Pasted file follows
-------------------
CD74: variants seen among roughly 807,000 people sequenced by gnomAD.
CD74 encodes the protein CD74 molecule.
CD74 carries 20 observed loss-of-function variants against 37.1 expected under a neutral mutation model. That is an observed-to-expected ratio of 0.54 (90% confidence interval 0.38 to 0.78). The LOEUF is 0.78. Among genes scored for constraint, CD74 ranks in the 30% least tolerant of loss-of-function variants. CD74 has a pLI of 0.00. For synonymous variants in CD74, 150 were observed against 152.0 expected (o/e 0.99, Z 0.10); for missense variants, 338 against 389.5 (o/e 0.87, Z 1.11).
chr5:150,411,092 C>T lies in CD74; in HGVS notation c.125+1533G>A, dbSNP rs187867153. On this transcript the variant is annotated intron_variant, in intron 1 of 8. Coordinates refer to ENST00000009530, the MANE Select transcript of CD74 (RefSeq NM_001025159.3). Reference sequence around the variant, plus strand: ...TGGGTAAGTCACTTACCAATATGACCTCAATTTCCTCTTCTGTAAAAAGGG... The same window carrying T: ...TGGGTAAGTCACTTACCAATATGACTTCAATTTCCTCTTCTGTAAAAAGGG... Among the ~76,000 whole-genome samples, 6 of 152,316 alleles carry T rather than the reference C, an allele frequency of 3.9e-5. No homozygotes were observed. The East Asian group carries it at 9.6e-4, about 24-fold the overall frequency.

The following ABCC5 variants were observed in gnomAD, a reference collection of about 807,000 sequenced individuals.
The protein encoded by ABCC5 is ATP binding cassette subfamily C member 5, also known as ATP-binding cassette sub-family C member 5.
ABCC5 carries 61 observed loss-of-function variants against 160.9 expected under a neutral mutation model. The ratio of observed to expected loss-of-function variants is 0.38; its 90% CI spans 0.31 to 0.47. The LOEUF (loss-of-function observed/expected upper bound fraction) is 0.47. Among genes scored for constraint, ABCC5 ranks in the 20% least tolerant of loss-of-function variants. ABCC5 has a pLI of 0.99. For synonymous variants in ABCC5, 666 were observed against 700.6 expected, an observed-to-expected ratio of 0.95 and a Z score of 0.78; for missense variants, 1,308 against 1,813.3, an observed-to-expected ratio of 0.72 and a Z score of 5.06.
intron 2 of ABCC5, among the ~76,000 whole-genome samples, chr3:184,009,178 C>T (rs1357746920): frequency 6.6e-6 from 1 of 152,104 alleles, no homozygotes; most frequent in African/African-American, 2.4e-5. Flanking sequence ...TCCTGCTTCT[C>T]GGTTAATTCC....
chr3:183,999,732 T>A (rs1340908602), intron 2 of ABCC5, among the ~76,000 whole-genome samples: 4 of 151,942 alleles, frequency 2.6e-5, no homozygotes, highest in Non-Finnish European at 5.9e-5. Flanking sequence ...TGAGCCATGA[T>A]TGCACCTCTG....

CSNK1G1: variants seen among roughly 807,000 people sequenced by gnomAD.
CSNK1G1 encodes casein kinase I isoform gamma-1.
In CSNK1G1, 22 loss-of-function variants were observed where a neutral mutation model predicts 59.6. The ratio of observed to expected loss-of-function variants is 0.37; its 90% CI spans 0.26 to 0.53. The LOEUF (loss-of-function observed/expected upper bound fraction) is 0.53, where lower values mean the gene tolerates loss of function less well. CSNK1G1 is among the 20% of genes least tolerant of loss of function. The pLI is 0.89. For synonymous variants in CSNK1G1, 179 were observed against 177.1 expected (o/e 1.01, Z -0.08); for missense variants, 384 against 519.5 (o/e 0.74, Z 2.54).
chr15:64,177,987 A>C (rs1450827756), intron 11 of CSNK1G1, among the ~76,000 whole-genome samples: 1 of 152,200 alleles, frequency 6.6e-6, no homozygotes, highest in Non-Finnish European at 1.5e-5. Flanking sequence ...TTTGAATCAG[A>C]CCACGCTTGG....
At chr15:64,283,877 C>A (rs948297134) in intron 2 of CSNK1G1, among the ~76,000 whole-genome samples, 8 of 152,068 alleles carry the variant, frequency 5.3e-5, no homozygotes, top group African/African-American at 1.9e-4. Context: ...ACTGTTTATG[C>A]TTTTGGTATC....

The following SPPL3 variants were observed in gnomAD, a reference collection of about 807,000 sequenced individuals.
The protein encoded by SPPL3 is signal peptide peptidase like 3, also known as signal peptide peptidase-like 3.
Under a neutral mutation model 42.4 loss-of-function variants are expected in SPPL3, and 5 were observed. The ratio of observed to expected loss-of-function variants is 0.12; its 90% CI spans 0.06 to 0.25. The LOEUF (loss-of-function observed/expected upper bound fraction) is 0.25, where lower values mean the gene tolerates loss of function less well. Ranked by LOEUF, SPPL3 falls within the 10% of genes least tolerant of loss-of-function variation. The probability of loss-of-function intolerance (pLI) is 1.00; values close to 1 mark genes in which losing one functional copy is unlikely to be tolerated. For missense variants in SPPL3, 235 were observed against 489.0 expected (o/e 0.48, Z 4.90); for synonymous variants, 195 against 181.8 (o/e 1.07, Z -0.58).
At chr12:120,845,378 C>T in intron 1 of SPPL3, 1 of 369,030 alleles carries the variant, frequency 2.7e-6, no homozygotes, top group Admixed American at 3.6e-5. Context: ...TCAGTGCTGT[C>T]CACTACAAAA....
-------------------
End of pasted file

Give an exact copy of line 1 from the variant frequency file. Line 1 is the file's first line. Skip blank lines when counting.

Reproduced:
CD74: variants seen among roughly 807,000 people sequenced by gnomAD.